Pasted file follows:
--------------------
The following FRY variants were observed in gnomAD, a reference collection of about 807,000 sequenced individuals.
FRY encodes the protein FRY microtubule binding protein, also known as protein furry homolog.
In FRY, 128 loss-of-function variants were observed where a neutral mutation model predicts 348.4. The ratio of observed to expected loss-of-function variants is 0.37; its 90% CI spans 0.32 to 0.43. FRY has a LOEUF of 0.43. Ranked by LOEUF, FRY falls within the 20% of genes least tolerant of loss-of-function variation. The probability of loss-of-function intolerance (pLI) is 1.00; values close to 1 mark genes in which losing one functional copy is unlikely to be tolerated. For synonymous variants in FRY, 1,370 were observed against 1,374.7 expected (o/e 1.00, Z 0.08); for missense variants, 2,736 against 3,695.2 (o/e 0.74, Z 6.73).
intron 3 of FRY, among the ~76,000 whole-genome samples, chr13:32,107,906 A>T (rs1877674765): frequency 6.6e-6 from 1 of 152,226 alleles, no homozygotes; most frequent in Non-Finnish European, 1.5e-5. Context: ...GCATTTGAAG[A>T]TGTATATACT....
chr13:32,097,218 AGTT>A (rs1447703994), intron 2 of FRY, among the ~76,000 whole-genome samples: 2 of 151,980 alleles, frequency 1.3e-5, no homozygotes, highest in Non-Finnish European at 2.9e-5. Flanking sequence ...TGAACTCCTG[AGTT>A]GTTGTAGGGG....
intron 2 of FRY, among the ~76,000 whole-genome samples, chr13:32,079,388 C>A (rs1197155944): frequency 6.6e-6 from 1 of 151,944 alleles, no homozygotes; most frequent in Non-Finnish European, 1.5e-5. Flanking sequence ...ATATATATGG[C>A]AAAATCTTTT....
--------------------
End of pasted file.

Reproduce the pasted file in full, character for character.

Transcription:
The following FRY variants were observed in gnomAD, a reference collection of about 807,000 sequenced individuals.
FRY encodes the protein FRY microtubule binding protein, also known as protein furry homolog.
In FRY, 128 loss-of-function variants were observed where a neutral mutation model predicts 348.4. The ratio of observed to expected loss-of-function variants is 0.37; its 90% CI spans 0.32 to 0.43. FRY has a LOEUF of 0.43. Ranked by LOEUF, FRY falls within the 20% of genes least tolerant of loss-of-function variation. The probability of loss-of-function intolerance (pLI) is 1.00; values close to 1 mark genes in which losing one functional copy is unlikely to be tolerated. For synonymous variants in FRY, 1,370 were observed against 1,374.7 expected (o/e 1.00, Z 0.08); for missense variants, 2,736 against 3,695.2 (o/e 0.74, Z 6.73).
intron 3 of FRY, among the ~76,000 whole-genome samples, chr13:32,107,906 A>T (rs1877674765): frequency 6.6e-6 from 1 of 152,226 alleles, no homozygotes; most frequent in Non-Finnish European, 1.5e-5. Context: ...GCATTTGAAG[A>T]TGTATATACT....
chr13:32,097,218 AGTT>A (rs1447703994), intron 2 of FRY, among the ~76,000 whole-genome samples: 2 of 151,980 alleles, frequency 1.3e-5, no homozygotes, highest in Non-Finnish European at 2.9e-5. Flanking sequence ...TGAACTCCTG[AGTT>A]GTTGTAGGGG....
intron 2 of FRY, among the ~76,000 whole-genome samples, chr13:32,079,388 C>A (rs1197155944): frequency 6.6e-6 from 1 of 151,944 alleles, no homozygotes; most frequent in Non-Finnish European, 1.5e-5. Flanking sequence ...ATATATATGG[C>A]AAAATCTTTT....